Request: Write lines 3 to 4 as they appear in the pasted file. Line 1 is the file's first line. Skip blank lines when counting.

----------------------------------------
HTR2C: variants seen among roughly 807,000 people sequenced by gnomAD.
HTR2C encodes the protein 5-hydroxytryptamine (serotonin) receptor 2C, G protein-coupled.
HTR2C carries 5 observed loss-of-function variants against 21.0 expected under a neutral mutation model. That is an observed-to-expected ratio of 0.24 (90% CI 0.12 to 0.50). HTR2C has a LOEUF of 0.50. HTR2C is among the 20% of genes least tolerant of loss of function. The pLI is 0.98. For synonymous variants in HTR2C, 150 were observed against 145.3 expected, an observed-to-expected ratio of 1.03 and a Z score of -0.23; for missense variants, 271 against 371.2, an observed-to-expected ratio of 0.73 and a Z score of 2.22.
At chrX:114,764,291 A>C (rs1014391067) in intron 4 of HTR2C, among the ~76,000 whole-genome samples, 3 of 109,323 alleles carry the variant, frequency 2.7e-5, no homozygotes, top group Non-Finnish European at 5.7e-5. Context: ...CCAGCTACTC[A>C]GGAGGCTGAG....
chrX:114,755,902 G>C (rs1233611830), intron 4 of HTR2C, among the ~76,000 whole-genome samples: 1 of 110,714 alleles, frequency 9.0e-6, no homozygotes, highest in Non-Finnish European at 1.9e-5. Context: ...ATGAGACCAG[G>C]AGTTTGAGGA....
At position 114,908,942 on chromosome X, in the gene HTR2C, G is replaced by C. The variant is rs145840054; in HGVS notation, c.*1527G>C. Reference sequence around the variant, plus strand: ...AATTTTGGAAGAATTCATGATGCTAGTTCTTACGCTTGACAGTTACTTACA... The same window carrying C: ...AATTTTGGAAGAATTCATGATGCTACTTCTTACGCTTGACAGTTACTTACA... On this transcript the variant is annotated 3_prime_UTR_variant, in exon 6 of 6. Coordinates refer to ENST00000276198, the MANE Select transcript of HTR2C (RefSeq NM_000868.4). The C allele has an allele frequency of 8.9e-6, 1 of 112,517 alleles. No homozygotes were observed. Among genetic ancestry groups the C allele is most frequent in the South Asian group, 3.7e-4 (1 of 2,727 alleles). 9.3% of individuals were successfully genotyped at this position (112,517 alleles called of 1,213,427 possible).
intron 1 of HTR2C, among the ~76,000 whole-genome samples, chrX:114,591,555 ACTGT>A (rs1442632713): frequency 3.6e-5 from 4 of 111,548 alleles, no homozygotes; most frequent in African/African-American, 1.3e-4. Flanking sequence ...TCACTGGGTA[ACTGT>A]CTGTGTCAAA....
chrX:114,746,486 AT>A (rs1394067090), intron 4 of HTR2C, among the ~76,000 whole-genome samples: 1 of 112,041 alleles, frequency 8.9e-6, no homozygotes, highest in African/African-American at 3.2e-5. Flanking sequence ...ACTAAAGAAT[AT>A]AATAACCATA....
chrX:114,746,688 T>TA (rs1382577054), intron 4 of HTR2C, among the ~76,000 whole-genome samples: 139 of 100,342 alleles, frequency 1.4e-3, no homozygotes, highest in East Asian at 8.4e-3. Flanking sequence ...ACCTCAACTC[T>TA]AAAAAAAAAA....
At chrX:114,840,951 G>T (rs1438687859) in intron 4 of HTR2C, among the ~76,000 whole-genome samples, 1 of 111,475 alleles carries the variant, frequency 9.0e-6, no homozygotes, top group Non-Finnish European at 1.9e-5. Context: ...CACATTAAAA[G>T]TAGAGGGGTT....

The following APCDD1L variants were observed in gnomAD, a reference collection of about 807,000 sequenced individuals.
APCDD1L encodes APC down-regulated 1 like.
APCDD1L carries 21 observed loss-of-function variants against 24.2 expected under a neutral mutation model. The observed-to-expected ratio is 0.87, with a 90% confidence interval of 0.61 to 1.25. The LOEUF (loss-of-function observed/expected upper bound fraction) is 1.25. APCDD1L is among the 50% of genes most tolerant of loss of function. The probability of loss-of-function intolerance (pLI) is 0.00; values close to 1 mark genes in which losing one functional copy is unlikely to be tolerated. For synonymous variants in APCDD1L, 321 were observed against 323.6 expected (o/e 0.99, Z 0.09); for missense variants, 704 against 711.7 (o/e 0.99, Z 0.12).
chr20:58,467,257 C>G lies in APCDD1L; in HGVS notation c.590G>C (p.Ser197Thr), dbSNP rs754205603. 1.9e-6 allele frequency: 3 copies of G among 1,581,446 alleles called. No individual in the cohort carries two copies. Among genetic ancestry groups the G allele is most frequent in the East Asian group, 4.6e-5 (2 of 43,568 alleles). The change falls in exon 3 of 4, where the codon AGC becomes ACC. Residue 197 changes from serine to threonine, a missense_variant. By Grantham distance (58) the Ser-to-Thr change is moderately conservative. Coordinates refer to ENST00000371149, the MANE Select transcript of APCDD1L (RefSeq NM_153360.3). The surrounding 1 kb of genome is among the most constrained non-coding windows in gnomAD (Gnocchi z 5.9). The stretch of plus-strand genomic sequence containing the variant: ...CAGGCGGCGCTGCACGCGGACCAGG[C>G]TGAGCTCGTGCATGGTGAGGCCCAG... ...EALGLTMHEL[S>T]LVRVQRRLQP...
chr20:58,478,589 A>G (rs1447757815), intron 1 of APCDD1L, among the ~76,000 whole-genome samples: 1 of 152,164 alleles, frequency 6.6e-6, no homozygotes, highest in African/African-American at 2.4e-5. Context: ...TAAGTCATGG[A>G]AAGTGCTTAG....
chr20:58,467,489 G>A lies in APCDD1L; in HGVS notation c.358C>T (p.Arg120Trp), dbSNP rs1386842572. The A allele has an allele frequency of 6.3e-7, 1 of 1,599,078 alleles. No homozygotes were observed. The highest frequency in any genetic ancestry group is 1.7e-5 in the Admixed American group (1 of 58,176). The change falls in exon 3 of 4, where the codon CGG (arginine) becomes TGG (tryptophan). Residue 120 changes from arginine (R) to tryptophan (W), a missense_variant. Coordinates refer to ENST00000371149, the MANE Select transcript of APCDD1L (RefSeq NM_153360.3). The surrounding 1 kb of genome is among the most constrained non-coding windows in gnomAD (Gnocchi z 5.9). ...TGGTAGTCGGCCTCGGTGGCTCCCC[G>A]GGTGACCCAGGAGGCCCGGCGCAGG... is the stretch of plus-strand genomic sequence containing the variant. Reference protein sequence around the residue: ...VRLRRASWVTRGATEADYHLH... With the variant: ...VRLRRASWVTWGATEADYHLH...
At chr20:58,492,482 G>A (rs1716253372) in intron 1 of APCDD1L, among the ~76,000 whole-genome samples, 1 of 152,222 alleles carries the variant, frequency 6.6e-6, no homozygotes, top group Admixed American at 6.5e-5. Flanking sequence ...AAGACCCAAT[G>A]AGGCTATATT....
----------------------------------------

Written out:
HTR2C carries 5 observed loss-of-function variants against 21.0 expected under a neutral mutation model. That is an observed-to-expected ratio of 0.24 (90% CI 0.12 to 0.50). HTR2C has a LOEUF of 0.50. HTR2C is among the 20% of genes least tolerant of loss of function. The pLI is 0.98. For synonymous variants in HTR2C, 150 were observed against 145.3 expected, an observed-to-expected ratio of 1.03 and a Z score of -0.23; for missense variants, 271 against 371.2, an observed-to-expected ratio of 0.73 and a Z score of 2.22.
At chrX:114,764,291 A>C (rs1014391067) in intron 4 of HTR2C, among the ~76,000 whole-genome samples, 3 of 109,323 alleles carry the variant, frequency 2.7e-5, no homozygotes, top group Non-Finnish European at 5.7e-5. Context: ...CCAGCTACTC[A>C]GGAGGCTGAG....